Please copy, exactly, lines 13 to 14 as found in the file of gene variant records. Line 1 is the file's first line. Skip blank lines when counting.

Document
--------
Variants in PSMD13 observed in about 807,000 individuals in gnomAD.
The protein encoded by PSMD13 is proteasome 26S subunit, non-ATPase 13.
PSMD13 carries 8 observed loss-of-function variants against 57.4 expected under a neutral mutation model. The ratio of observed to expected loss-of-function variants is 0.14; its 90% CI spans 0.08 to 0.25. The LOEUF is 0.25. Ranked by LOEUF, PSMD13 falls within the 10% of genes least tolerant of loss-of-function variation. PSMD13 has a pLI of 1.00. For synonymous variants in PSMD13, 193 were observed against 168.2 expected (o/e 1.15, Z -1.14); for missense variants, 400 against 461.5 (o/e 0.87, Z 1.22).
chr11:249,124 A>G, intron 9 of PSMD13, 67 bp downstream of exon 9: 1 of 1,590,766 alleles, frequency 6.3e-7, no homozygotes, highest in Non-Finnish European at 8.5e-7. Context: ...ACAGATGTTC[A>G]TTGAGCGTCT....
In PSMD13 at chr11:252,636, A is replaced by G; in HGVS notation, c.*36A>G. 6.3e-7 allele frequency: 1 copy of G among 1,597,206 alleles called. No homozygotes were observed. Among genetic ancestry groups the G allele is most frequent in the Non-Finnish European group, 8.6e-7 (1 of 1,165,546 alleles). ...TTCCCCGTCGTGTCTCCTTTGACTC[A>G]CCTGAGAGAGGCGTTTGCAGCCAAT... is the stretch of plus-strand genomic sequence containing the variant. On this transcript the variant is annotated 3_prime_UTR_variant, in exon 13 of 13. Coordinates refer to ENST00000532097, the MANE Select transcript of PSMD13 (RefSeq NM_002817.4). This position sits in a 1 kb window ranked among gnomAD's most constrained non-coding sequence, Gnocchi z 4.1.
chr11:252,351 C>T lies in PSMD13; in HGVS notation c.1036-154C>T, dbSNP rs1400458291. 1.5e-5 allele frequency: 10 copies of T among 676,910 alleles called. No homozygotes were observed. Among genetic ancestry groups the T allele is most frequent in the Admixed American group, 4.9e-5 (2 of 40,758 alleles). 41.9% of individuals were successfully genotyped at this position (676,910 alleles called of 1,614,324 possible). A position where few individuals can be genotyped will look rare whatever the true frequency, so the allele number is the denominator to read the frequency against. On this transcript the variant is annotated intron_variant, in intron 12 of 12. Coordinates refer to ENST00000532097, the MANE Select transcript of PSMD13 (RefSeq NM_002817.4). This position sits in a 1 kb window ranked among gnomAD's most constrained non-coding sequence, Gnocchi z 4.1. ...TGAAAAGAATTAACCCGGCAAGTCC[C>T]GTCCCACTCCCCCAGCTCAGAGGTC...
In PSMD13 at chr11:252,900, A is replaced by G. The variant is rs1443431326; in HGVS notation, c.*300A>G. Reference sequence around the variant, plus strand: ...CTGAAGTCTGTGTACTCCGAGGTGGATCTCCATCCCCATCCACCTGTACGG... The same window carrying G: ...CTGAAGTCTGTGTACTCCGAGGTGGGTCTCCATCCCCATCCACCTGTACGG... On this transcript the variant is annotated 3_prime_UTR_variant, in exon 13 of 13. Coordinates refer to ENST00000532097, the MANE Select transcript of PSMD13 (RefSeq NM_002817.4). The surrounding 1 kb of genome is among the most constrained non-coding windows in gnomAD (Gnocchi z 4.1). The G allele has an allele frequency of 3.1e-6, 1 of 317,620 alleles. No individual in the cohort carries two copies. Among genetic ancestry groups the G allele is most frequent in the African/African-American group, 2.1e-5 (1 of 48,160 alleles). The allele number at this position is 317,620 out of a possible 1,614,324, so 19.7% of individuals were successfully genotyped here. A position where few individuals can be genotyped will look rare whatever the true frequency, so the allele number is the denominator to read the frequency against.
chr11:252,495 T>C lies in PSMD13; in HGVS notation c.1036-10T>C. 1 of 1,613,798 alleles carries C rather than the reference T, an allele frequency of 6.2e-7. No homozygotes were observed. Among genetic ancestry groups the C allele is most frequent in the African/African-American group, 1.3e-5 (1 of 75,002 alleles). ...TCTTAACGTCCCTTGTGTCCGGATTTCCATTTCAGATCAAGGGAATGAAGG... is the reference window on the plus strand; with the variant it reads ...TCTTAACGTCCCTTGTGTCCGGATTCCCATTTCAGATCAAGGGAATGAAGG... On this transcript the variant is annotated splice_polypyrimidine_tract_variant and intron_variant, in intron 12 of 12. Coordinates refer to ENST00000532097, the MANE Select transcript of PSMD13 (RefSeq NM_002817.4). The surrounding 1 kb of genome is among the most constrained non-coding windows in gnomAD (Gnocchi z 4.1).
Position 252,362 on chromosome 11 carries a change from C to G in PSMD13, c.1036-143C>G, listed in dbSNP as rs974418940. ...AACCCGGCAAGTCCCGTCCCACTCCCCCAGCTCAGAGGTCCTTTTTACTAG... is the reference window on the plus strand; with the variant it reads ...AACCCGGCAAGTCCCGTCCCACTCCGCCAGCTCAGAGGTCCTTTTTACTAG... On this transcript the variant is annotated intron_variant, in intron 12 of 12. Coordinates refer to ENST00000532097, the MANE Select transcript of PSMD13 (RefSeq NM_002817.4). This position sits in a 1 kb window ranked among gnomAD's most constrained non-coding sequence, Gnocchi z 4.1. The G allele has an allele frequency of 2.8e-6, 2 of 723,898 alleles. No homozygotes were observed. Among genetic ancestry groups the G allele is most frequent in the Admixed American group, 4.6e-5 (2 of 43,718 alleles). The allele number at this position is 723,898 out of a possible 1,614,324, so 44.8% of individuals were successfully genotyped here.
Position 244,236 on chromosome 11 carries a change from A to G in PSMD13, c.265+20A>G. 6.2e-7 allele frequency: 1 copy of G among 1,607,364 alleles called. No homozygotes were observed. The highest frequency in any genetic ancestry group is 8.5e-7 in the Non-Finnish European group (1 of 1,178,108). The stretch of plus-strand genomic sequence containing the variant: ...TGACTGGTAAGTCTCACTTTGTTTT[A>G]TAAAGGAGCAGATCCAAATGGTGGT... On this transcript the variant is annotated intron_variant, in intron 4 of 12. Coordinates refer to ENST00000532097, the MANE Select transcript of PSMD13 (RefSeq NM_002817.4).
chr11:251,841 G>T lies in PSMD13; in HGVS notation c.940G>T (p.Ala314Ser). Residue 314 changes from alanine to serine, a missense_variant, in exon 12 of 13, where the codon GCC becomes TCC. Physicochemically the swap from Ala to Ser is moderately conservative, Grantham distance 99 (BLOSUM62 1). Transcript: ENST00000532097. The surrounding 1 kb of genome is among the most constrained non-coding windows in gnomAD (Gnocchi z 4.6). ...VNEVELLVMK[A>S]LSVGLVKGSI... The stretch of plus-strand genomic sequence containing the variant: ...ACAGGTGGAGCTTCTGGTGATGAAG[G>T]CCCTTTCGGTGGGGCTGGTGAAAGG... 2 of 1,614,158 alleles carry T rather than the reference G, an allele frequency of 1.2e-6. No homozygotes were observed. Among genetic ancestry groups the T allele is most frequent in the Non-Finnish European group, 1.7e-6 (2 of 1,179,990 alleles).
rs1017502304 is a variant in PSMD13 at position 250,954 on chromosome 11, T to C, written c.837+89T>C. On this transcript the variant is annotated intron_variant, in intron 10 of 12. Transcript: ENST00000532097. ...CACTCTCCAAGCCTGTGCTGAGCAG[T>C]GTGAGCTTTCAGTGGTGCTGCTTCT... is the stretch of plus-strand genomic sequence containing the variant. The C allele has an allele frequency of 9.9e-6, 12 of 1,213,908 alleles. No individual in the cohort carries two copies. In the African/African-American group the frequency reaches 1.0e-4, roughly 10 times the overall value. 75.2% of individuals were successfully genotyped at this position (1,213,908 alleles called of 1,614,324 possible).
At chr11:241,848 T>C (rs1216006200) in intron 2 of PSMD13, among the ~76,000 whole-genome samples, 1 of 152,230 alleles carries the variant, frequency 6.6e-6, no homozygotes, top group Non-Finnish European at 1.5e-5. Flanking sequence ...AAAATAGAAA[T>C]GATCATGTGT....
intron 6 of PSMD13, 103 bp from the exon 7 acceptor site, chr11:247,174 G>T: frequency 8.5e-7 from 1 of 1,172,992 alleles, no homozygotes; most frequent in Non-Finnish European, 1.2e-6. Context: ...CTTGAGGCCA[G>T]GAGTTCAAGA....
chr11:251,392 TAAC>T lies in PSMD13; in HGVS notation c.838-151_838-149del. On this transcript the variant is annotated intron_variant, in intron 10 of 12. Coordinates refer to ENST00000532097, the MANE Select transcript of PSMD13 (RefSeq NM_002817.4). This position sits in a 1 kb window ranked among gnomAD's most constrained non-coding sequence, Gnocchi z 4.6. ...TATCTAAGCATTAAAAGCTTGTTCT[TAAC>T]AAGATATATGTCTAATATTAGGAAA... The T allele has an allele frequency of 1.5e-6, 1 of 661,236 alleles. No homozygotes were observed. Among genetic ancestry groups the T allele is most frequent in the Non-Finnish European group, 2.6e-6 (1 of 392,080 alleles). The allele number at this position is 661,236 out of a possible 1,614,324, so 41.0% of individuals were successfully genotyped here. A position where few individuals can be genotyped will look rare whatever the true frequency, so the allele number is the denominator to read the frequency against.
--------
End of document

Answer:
At chr11:241,848 T>C (rs1216006200) in intron 2 of PSMD13, among the ~76,000 whole-genome samples, 1 of 152,230 alleles carries the variant, frequency 6.6e-6, no homozygotes, top group Non-Finnish European at 1.5e-5. Flanking sequence ...AAAATAGAAA[T>C]GATCATGTGT....
intron 6 of PSMD13, 103 bp from the exon 7 acceptor site, chr11:247,174 G>T: frequency 8.5e-7 from 1 of 1,172,992 alleles, no homozygotes; most frequent in Non-Finnish European, 1.2e-6. Context: ...CTTGAGGCCA[G>T]GAGTTCAAGA....